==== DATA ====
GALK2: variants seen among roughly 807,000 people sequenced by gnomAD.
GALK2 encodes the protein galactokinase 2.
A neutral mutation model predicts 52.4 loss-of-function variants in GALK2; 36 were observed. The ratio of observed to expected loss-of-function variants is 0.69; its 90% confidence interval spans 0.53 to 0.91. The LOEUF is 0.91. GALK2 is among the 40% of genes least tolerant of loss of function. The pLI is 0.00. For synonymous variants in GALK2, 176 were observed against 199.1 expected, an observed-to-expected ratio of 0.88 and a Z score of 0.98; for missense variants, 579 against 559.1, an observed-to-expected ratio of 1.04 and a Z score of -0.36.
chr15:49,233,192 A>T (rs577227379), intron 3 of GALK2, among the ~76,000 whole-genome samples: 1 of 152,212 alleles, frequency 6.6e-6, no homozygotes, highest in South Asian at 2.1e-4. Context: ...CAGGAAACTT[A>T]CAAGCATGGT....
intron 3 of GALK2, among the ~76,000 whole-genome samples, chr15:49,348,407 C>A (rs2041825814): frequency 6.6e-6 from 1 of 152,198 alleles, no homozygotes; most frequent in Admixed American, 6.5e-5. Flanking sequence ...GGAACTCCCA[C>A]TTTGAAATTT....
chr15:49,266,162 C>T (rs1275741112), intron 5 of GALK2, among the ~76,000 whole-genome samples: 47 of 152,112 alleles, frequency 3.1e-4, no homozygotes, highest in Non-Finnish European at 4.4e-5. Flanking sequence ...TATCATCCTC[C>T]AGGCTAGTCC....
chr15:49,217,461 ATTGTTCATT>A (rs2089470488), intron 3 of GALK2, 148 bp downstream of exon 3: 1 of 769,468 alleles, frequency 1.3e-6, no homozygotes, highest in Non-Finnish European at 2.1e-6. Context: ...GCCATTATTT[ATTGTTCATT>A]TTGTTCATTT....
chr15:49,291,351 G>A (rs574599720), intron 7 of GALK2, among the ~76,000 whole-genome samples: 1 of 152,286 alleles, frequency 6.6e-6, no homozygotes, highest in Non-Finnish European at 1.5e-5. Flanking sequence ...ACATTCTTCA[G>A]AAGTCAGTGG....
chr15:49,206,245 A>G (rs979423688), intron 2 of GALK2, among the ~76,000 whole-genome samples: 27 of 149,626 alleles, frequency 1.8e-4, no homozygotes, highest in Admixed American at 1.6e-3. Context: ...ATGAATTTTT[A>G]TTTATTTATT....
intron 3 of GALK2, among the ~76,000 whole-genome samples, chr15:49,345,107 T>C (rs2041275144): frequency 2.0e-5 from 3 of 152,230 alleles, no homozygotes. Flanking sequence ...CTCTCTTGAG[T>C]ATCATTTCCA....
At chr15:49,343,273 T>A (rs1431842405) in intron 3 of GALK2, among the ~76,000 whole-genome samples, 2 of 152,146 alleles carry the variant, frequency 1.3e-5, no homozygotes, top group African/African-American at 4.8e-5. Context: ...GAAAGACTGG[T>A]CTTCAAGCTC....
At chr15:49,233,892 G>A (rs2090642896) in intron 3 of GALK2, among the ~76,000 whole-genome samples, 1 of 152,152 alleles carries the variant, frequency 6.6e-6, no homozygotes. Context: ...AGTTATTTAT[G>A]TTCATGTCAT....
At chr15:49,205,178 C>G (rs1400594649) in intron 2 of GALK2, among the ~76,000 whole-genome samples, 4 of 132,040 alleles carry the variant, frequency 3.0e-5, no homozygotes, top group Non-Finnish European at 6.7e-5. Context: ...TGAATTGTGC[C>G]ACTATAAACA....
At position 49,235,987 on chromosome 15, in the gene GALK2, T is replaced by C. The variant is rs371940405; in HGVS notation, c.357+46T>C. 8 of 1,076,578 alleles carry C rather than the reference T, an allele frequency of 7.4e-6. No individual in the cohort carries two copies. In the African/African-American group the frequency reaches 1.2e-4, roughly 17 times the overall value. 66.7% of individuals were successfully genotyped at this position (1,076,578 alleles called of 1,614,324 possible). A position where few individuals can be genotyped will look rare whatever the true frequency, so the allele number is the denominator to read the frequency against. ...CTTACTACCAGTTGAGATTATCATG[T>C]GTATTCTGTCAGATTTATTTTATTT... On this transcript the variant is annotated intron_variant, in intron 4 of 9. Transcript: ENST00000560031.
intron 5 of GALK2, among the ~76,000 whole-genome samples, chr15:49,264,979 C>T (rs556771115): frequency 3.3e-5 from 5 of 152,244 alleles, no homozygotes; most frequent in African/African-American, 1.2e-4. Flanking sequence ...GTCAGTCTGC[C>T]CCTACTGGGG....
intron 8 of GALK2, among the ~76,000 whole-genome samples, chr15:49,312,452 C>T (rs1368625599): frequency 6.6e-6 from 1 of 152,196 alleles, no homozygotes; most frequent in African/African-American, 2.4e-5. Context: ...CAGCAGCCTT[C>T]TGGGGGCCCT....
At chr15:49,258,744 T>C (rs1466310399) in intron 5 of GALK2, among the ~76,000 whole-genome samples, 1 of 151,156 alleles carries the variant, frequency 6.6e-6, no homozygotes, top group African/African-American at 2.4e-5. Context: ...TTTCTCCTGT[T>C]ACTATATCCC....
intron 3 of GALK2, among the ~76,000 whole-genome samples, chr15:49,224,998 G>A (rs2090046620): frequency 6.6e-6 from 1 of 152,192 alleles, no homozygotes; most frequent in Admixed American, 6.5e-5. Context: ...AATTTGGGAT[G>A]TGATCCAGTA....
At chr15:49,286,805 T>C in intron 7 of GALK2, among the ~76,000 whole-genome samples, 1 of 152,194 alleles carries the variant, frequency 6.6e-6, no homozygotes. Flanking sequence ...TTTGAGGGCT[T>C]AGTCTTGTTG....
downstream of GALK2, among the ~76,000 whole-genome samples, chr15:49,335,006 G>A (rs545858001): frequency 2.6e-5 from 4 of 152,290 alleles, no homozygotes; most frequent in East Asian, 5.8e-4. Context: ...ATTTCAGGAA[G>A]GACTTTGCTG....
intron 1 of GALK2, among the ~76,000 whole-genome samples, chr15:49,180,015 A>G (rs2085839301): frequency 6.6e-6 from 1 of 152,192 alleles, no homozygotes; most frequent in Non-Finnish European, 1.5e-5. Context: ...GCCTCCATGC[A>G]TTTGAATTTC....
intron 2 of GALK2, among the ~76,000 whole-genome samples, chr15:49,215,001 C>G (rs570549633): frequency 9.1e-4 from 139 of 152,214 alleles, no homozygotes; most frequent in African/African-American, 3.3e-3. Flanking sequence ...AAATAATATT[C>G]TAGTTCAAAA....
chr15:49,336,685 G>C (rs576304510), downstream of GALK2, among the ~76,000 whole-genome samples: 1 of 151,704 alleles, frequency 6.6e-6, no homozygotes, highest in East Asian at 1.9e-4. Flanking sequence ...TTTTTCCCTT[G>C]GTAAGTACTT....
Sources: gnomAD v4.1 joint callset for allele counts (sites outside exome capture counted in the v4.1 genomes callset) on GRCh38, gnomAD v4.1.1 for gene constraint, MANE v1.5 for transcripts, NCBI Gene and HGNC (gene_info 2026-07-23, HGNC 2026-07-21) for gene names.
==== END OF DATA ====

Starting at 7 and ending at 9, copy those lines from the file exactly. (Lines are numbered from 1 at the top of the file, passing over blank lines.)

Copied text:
chr15:49,217,461 ATTGTTCATT>A (rs2089470488), intron 3 of GALK2, 148 bp downstream of exon 3: 1 of 769,468 alleles, frequency 1.3e-6, no homozygotes, highest in Non-Finnish European at 2.1e-6. Context: ...GCCATTATTT[ATTGTTCATT>A]TTGTTCATTT....
chr15:49,291,351 G>A (rs574599720), intron 7 of GALK2, among the ~76,000 whole-genome samples: 1 of 152,286 alleles, frequency 6.6e-6, no homozygotes, highest in Non-Finnish European at 1.5e-5. Flanking sequence ...ACATTCTTCA[G>A]AAGTCAGTGG....
chr15:49,206,245 A>G (rs979423688), intron 2 of GALK2, among the ~76,000 whole-genome samples: 27 of 149,626 alleles, frequency 1.8e-4, no homozygotes, highest in Admixed American at 1.6e-3. Context: ...ATGAATTTTT[A>G]TTTATTTATT....